Thursday, October 11, 2012

Saddle slip may indicate lameness


Saddle slip may not be the result of an ill fitting saddle or asymmetrical back muscles. A recent study has shown that it is often a sign of hindlimb lameness.

The study, conducted at the Centre for Equine Studies at the Animal Health Trust in Newmarket , identified a significant link between hind limb lameness and saddle slip, showing consistent saddle slip in some horses with hind limb lameness, even when the lameness was fairly subtle and difficult to detect.

Saddle slip, in which the saddle slips consistently to one side, is a well-recognised problem in sports horses. It can occur for a variety of reasons, including asymmetry in the shape of the horse’s back, riders sitting crookedly and ill-fitting saddles.

Sue Dyson, Head of Clinical Orthopaedics at the Centre for Equine Studies, had also observed that saddle slip may occur because of hind limb lameness. The intention of the study, therefore, was to find out more about the interrelationships between the horse, saddle and rider and to document the frequency of occurrence of saddle slip in horses with hind limb lameness compared with other horses.

The research was undertaken by Line Greve, Intern at the Centre for Equine Studies, and Sue Dyson, and was presented at the British Equine Veterinary Association Congress in September 2012. It is thought to be the first study of its kind, and was supported by the Saddle Research Trust (SRT).

The study assessed 128 horses of varying size, age and type. The degree of lameness of each horse was graded; back shape and symmetry were measured and saddles assessed for symmetry and fit. Each horse was ridden by at least two riders and rider straightness plus weight were recorded. The grade of saddle slip, whether it occurred with more than one rider, and whether saddle slip was influenced by the direction of movement or the diagonal on which the rider was sitting were also noted.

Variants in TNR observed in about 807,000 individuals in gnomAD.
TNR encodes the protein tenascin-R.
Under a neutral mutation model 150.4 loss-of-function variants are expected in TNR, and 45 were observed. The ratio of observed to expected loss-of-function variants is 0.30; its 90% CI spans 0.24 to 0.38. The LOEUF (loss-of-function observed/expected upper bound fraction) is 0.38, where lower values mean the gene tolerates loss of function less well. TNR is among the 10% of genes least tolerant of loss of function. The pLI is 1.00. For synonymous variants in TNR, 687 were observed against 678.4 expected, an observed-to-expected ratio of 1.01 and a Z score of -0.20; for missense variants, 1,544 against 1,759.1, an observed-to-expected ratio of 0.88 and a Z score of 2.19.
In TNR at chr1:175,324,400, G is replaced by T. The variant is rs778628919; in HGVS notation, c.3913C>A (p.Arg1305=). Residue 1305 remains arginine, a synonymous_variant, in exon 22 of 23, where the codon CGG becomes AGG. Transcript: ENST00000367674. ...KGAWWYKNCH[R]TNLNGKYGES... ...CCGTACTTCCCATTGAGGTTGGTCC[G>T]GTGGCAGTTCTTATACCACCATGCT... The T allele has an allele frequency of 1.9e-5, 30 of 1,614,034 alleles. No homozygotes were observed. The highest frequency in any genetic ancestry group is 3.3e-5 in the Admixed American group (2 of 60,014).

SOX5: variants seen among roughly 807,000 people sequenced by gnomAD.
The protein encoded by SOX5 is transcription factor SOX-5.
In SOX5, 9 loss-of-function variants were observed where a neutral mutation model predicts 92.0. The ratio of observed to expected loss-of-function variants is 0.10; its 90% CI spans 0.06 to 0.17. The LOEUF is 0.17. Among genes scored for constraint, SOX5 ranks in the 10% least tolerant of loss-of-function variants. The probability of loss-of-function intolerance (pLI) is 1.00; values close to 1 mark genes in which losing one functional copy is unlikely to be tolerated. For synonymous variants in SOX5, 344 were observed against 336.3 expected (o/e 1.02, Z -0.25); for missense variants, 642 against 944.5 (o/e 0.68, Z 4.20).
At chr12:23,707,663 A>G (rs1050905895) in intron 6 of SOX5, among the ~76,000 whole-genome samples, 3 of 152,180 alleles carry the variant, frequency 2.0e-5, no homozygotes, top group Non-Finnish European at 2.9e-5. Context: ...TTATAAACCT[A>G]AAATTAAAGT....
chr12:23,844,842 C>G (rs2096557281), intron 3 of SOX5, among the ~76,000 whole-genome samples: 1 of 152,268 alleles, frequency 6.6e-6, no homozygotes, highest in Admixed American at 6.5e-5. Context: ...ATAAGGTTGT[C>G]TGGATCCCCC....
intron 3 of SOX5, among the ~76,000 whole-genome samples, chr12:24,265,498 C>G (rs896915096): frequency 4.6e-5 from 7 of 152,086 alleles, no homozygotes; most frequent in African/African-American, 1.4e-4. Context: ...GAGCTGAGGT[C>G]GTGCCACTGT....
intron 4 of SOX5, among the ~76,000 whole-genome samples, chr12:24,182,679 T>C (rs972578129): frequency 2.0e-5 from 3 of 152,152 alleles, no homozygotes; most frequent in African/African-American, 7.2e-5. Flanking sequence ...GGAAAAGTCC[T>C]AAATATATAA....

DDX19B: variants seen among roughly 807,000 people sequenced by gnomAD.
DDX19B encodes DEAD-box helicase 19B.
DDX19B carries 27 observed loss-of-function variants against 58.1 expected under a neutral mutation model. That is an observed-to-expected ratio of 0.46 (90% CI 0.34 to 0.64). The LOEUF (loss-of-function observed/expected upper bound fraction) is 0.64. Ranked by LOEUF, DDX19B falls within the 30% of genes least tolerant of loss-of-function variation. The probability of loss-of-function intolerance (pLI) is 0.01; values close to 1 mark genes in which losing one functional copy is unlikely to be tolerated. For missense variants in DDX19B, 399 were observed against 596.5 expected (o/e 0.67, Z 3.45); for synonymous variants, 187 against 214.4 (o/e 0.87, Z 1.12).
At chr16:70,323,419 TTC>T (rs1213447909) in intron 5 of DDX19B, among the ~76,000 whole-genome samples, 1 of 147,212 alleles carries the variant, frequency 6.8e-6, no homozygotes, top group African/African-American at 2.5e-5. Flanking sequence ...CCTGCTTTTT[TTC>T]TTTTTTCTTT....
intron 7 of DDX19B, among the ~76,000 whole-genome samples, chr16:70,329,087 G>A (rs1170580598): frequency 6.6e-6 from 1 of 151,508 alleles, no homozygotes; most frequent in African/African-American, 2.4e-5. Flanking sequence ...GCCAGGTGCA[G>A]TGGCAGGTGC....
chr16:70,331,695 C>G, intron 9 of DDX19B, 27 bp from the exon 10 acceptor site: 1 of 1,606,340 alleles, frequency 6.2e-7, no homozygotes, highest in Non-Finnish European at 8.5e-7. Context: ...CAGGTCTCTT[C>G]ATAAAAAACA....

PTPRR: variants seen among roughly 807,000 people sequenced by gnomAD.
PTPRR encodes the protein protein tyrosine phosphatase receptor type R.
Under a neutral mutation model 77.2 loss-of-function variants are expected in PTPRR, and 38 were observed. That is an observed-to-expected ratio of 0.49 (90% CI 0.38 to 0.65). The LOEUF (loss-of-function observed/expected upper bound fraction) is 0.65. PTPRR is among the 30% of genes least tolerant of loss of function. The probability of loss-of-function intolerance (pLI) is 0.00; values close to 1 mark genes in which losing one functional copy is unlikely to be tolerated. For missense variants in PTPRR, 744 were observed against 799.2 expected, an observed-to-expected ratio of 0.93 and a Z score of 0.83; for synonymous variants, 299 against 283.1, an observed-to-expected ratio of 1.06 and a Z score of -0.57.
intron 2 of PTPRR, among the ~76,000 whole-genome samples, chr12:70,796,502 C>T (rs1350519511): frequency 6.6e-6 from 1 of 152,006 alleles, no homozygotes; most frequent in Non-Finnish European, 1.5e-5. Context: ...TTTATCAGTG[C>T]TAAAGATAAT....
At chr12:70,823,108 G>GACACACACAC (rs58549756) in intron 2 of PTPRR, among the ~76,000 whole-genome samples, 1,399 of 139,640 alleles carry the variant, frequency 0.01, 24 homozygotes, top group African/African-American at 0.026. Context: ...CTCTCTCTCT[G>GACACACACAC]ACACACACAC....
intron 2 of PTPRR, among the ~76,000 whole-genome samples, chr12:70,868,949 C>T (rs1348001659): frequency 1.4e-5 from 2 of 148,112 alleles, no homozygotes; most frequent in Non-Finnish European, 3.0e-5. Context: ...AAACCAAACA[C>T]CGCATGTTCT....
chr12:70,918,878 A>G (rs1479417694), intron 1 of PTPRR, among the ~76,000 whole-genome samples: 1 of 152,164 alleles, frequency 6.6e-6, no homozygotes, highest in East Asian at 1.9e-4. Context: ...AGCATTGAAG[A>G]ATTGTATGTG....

The saddle consistently slipped to one side in 54% of horses with hind limb lameness, compared with 4% of horses with fore limb lameness, 0% with back pain and/or sacroiliac joint region pain and 0% of non-lame horses. The saddle usually slipped towards the side of the lame (or more lame) hindleg.

Diagnostic analgesia was subsequently used to abolish the hind limb lameness and this eliminated the saddle slip in 97% of cases.

Sue Dyson said: “Our findings emphasise the need to educate owners, veterinarians, physiotherapists, trainers, riders and saddle fitters that saddle slip is frequently an indicator of lameness, not necessarily a manifestation of an ill-fitting saddle or asymmetric shape of the horse’s back. Detection of saddle slip provides an opportunity for the owner, riders and trainers to detect low-grade and subclinical lameness, with important welfare consequences.”

1 comment:

Anonymous said...

I am so glad science is finally catching up to us. Some people who have been in horses for several generations and already have an idea not only of how the horses anatomy and the selected equipment affect each horse already knew that a side slip saddle can be so slight an amateur or novice horse person could not notice the horses lameness. Saddle slipage has been a side-effect of several issues in the hide-quarters. Most magazines only have talked to new people in horses regarding back issues and incorrect saddle tree/gullet or skirting. The fact is just having a horse is a science and if you learn it we dont need scientists to confirm it. Most people miss specific data because their expirience is only in the riding and not the personalized care of the horse. Motor skills, way of traveling, thought process, and such have been watered down for new horse owners-i see that alot. Just some actual time around other horses can that have problems can make you realize an unimaginable amount about our equine friends. Besides I ACTUALLY still own books-and in those books some from the 1940's it actually describes with a illustration exactly what this study did. Maybe instead of just randomly waisting money and time you should find books and read them. Then determine what studies should be done. Lets quit dumbing down America! God bless the overpaid and underexpirienced!